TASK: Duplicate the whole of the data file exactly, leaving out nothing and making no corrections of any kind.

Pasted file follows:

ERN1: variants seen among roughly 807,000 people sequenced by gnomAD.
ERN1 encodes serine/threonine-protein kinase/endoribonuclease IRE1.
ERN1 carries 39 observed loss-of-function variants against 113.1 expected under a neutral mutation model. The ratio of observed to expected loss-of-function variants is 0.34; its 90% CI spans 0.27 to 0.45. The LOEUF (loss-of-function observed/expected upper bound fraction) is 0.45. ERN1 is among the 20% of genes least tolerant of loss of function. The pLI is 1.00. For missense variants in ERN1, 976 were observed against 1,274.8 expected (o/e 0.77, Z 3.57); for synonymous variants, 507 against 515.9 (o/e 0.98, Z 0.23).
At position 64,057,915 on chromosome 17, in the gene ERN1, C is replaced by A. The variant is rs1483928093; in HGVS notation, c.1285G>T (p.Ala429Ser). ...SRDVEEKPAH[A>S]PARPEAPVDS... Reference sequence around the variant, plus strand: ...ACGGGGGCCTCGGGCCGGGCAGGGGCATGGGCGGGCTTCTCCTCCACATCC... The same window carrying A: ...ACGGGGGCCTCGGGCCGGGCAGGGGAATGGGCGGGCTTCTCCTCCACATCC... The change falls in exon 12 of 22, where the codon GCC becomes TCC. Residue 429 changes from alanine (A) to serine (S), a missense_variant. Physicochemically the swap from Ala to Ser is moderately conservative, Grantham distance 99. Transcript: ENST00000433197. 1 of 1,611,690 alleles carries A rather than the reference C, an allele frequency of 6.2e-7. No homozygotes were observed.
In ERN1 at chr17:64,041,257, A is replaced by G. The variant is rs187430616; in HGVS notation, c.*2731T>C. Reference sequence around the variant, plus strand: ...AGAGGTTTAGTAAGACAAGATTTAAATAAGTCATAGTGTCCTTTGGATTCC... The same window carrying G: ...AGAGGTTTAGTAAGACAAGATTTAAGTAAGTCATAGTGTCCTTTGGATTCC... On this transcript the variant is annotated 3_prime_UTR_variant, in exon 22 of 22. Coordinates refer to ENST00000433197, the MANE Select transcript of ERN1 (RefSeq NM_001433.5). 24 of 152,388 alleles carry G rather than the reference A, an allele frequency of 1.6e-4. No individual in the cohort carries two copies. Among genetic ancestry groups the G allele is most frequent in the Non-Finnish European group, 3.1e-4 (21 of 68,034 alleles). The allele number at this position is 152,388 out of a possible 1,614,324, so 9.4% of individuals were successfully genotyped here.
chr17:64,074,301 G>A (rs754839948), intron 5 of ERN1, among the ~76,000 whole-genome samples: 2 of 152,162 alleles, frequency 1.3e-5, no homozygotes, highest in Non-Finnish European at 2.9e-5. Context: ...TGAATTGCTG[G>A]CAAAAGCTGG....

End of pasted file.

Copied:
ERN1: variants seen among roughly 807,000 people sequenced by gnomAD.
ERN1 encodes serine/threonine-protein kinase/endoribonuclease IRE1.
ERN1 carries 39 observed loss-of-function variants against 113.1 expected under a neutral mutation model. The ratio of observed to expected loss-of-function variants is 0.34; its 90% CI spans 0.27 to 0.45. The LOEUF (loss-of-function observed/expected upper bound fraction) is 0.45. ERN1 is among the 20% of genes least tolerant of loss of function. The pLI is 1.00. For missense variants in ERN1, 976 were observed against 1,274.8 expected (o/e 0.77, Z 3.57); for synonymous variants, 507 against 515.9 (o/e 0.98, Z 0.23).
At position 64,057,915 on chromosome 17, in the gene ERN1, C is replaced by A. The variant is rs1483928093; in HGVS notation, c.1285G>T (p.Ala429Ser). ...SRDVEEKPAH[A>S]PARPEAPVDS... Reference sequence around the variant, plus strand: ...ACGGGGGCCTCGGGCCGGGCAGGGGCATGGGCGGGCTTCTCCTCCACATCC... The same window carrying A: ...ACGGGGGCCTCGGGCCGGGCAGGGGAATGGGCGGGCTTCTCCTCCACATCC... The change falls in exon 12 of 22, where the codon GCC becomes TCC. Residue 429 changes from alanine (A) to serine (S), a missense_variant. Physicochemically the swap from Ala to Ser is moderately conservative, Grantham distance 99. Transcript: ENST00000433197. 1 of 1,611,690 alleles carries A rather than the reference C, an allele frequency of 6.2e-7. No homozygotes were observed.
In ERN1 at chr17:64,041,257, A is replaced by G. The variant is rs187430616; in HGVS notation, c.*2731T>C. Reference sequence around the variant, plus strand: ...AGAGGTTTAGTAAGACAAGATTTAAATAAGTCATAGTGTCCTTTGGATTCC... The same window carrying G: ...AGAGGTTTAGTAAGACAAGATTTAAGTAAGTCATAGTGTCCTTTGGATTCC... On this transcript the variant is annotated 3_prime_UTR_variant, in exon 22 of 22. Coordinates refer to ENST00000433197, the MANE Select transcript of ERN1 (RefSeq NM_001433.5). 24 of 152,388 alleles carry G rather than the reference A, an allele frequency of 1.6e-4. No individual in the cohort carries two copies. Among genetic ancestry groups the G allele is most frequent in the Non-Finnish European group, 3.1e-4 (21 of 68,034 alleles). The allele number at this position is 152,388 out of a possible 1,614,324, so 9.4% of individuals were successfully genotyped here.
chr17:64,074,301 G>A (rs754839948), intron 5 of ERN1, among the ~76,000 whole-genome samples: 2 of 152,162 alleles, frequency 1.3e-5, no homozygotes, highest in Non-Finnish European at 2.9e-5. Context: ...TGAATTGCTG[G>A]CAAAAGCTGG....